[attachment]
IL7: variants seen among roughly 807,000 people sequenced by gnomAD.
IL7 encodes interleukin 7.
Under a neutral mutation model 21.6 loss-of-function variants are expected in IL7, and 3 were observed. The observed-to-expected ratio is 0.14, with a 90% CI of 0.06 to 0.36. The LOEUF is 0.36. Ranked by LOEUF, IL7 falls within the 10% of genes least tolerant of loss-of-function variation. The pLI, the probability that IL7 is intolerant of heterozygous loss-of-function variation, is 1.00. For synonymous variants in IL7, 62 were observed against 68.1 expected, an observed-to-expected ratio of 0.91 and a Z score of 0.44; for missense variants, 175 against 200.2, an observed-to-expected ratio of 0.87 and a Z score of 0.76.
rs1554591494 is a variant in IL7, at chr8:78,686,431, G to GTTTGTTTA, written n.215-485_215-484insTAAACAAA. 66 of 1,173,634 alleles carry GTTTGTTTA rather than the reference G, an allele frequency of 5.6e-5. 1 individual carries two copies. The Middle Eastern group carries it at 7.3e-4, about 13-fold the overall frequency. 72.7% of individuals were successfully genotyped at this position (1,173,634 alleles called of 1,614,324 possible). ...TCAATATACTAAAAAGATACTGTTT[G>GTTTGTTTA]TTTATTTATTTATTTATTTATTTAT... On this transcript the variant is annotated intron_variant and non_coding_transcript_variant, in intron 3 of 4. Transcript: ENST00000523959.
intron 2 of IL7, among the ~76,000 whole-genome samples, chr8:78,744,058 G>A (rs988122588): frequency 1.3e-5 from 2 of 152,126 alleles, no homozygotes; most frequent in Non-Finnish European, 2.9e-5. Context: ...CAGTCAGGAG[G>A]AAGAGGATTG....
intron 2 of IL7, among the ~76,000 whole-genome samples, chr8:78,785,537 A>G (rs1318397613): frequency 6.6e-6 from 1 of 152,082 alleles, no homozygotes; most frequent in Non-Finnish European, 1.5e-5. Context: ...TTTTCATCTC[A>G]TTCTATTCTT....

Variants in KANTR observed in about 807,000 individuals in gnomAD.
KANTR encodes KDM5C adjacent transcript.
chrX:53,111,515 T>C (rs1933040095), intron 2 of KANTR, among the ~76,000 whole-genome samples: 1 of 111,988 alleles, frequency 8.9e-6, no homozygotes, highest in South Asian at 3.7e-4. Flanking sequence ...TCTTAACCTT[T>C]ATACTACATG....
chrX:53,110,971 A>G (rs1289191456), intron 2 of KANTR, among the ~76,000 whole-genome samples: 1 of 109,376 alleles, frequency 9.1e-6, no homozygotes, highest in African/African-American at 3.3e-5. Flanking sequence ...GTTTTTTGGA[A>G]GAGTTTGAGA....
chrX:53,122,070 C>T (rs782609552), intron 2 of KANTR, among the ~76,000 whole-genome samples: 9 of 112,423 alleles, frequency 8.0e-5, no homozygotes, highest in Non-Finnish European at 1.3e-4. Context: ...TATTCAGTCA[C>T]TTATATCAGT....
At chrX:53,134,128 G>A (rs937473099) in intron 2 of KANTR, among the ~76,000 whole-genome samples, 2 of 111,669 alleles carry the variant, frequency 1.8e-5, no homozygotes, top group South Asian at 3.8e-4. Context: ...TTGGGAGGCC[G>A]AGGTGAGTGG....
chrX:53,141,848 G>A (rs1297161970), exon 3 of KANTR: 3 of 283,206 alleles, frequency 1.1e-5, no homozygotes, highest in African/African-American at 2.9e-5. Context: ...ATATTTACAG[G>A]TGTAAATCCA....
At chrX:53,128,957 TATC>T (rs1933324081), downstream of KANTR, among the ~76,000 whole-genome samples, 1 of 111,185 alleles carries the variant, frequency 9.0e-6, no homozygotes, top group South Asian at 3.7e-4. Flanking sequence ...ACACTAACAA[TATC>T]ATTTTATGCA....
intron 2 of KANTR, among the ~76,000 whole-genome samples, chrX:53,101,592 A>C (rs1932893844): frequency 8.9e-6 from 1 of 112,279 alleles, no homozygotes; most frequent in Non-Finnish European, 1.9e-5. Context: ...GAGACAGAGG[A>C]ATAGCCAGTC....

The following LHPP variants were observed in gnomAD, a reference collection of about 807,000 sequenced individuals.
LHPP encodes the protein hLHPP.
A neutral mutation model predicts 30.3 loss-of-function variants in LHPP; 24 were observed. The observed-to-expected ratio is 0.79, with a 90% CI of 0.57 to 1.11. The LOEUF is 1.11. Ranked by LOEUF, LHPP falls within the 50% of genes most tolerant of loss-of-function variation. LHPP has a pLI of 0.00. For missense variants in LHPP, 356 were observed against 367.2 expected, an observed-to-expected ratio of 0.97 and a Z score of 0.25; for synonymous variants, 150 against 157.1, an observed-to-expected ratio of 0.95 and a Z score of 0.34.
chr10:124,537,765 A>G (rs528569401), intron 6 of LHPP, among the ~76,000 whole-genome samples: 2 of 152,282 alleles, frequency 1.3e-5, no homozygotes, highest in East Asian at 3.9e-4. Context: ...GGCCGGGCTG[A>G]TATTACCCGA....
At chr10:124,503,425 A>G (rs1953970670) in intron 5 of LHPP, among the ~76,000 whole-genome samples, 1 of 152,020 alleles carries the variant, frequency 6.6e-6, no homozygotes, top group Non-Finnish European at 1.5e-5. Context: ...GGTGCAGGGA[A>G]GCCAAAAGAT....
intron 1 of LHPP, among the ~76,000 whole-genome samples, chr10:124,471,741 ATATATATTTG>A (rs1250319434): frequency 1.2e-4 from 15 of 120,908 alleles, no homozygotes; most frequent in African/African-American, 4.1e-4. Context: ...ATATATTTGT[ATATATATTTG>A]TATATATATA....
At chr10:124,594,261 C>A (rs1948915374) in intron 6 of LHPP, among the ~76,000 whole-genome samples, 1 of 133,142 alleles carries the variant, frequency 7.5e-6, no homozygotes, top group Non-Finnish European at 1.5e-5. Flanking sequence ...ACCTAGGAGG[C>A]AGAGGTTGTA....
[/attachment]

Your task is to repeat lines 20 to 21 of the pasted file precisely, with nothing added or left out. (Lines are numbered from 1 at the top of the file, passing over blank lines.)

At chr10:124,503,425 A>G (rs1953970670) in intron 5 of LHPP, among the ~76,000 whole-genome samples, 1 of 152,020 alleles carries the variant, frequency 6.6e-6, no homozygotes, top group Non-Finnish European at 1.5e-5. Context: ...GGTGCAGGGA[A>G]GCCAAAAGAT....
intron 1 of LHPP, among the ~76,000 whole-genome samples, chr10:124,471,741 ATATATATTTG>A (rs1250319434): frequency 1.2e-4 from 15 of 120,908 alleles, no homozygotes; most frequent in African/African-American, 4.1e-4. Context: ...ATATATTTGT[ATATATATTTG>A]TATATATATA....